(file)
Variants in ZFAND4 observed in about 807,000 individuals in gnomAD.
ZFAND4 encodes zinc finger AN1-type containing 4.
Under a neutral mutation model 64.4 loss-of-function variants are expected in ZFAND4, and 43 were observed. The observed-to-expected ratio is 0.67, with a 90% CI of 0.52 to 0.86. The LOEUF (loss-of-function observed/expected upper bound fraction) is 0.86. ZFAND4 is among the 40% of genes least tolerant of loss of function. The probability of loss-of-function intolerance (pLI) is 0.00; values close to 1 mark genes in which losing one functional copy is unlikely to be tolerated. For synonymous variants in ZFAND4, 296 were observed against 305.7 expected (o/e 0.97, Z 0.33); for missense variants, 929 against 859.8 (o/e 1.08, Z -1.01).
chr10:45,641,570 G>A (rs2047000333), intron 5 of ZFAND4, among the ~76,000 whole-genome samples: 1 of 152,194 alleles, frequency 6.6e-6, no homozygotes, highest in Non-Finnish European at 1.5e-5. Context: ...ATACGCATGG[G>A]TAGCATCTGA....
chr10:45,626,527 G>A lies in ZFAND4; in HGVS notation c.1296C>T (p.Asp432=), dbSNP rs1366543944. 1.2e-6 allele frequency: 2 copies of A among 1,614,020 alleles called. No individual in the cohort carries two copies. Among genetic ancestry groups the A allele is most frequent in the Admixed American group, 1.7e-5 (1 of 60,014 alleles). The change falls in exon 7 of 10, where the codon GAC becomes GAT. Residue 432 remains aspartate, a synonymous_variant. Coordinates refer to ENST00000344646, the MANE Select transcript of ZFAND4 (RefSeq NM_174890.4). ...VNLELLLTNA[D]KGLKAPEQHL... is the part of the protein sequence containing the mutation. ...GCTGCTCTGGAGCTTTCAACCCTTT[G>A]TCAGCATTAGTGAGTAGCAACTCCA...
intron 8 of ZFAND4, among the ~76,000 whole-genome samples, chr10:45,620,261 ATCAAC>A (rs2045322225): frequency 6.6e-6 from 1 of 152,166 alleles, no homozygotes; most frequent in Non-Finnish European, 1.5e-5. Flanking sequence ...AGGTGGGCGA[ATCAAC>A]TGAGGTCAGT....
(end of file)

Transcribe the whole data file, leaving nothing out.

Variants in ZFAND4 observed in about 807,000 individuals in gnomAD.
ZFAND4 encodes zinc finger AN1-type containing 4.
Under a neutral mutation model 64.4 loss-of-function variants are expected in ZFAND4, and 43 were observed. The observed-to-expected ratio is 0.67, with a 90% CI of 0.52 to 0.86. The LOEUF (loss-of-function observed/expected upper bound fraction) is 0.86. ZFAND4 is among the 40% of genes least tolerant of loss of function. The probability of loss-of-function intolerance (pLI) is 0.00; values close to 1 mark genes in which losing one functional copy is unlikely to be tolerated. For synonymous variants in ZFAND4, 296 were observed against 305.7 expected (o/e 0.97, Z 0.33); for missense variants, 929 against 859.8 (o/e 1.08, Z -1.01).
chr10:45,641,570 G>A (rs2047000333), intron 5 of ZFAND4, among the ~76,000 whole-genome samples: 1 of 152,194 alleles, frequency 6.6e-6, no homozygotes, highest in Non-Finnish European at 1.5e-5. Context: ...ATACGCATGG[G>A]TAGCATCTGA....
chr10:45,626,527 G>A lies in ZFAND4; in HGVS notation c.1296C>T (p.Asp432=), dbSNP rs1366543944. 1.2e-6 allele frequency: 2 copies of A among 1,614,020 alleles called. No individual in the cohort carries two copies. Among genetic ancestry groups the A allele is most frequent in the Admixed American group, 1.7e-5 (1 of 60,014 alleles). The change falls in exon 7 of 10, where the codon GAC becomes GAT. Residue 432 remains aspartate, a synonymous_variant. Coordinates refer to ENST00000344646, the MANE Select transcript of ZFAND4 (RefSeq NM_174890.4). ...VNLELLLTNA[D]KGLKAPEQHL... is the part of the protein sequence containing the mutation. ...GCTGCTCTGGAGCTTTCAACCCTTT[G>A]TCAGCATTAGTGAGTAGCAACTCCA...
intron 8 of ZFAND4, among the ~76,000 whole-genome samples, chr10:45,620,261 ATCAAC>A (rs2045322225): frequency 6.6e-6 from 1 of 152,166 alleles, no homozygotes; most frequent in Non-Finnish European, 1.5e-5. Flanking sequence ...AGGTGGGCGA[ATCAAC>A]TGAGGTCAGT....